"In some camps, more than 90 percent of residents have scabies," said Fidaa al-Hamud, a doctor in charge of a mobile clinic near Sarmada, decrying "water scarcity, refuse piling up... and the lack of sewage networks".
Firas Kardush, a local official in the Idlib region, ruled by the Hayat Tahrir al-Sham group, said authorities were "trying to find alternatives" but warned of a "humanitarian catastrophe" if aid money runs dry.
In another camp in the Idlib countryside, Asma al-Saleh said water scarcity had made it harder to cook and bathe her five children, expressing worry as one of them has a rash.
When she runs out of water, she has to fill containers at a nearby well and walk them back to her tent.
"I do not have a water storage tank... nor am I able to buy one," Saleh, 32, said.
"We don't even have cold water to drink" in summer, she added.



Israel Takes Advantage of Hezbollah’s Security Gap to Carry Out Assassinations

Lebanese citizens remove the debris of the car of a leader of Al-Jamaa Al-Islamiya who was targeted by Israel in eastern Lebanon. (AFP)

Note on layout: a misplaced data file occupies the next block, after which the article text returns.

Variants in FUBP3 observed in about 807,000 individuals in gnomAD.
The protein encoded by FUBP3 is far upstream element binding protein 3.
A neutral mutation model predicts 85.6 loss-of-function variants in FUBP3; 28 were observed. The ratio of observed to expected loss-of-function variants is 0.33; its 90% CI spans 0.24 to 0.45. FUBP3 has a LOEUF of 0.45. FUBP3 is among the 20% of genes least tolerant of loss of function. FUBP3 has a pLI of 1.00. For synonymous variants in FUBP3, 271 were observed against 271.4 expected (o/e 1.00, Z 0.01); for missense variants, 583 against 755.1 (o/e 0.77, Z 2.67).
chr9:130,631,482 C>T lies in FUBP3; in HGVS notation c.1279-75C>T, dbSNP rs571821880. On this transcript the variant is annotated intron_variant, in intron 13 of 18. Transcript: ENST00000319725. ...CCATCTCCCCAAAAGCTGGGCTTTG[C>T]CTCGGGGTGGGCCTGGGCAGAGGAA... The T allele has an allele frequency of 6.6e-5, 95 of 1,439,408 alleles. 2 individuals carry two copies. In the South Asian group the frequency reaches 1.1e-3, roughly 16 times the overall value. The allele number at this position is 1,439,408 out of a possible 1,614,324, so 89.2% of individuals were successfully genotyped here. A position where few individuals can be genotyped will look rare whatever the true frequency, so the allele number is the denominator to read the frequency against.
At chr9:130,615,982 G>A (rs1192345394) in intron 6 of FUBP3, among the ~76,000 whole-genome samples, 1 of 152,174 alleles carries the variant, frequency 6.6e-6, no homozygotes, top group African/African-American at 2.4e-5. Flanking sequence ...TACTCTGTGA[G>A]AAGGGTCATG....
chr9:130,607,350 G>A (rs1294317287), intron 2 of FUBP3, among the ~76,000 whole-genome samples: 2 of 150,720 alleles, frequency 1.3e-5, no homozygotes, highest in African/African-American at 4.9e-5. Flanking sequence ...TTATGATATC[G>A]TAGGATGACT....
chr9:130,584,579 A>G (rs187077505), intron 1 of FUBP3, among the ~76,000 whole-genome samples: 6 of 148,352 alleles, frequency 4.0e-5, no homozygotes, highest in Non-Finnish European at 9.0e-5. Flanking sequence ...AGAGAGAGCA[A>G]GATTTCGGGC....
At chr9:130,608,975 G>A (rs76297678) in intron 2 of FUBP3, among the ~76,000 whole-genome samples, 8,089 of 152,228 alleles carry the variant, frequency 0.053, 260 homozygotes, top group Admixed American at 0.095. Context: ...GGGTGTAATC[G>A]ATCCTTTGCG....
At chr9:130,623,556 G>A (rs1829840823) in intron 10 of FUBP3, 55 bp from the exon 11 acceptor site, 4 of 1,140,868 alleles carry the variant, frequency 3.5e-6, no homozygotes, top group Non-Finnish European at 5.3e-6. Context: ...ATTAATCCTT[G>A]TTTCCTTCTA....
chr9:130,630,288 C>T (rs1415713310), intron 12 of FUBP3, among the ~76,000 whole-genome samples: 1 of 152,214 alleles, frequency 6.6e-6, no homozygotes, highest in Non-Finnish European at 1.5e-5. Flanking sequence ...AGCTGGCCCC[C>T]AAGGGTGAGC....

Lebanese citizens remove the debris of the car of a leader of Al-Jamaa Al-Islamiya who was targeted by Israel in eastern Lebanon. (AFP)
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Israel Takes Advantage of Hezbollah’s Security Gap to Carry Out Assassinations

Lebanese citizens remove the debris of the car of a leader of Al-Jamaa Al-Islamiya who was targeted by Israel in eastern Lebanon. (AFP)
Lebanese citizens remove the debris of the car of a leader of Al-Jamaa Al-Islamiya who was targeted by Israel in eastern Lebanon. (AFP)

The ongoing Israeli assassinations of Hezbollah fighters and leaders highlight a security and technological gap that the party has been unable to address.
On Thursday morning, Israeli drones killed a leader in Al-Jamaa Al-Islamiya, Mohammad Hamid Jabara from the town of Qaraoun, in a raid on the town of Gaza in the Bekaa region. Hours later, a member of Hezbollah was killed in an attack on his vehicle, shortly after he had left his mother’s house in the town of Jabal al-Butm in the South. The party mourned him in the afternoon.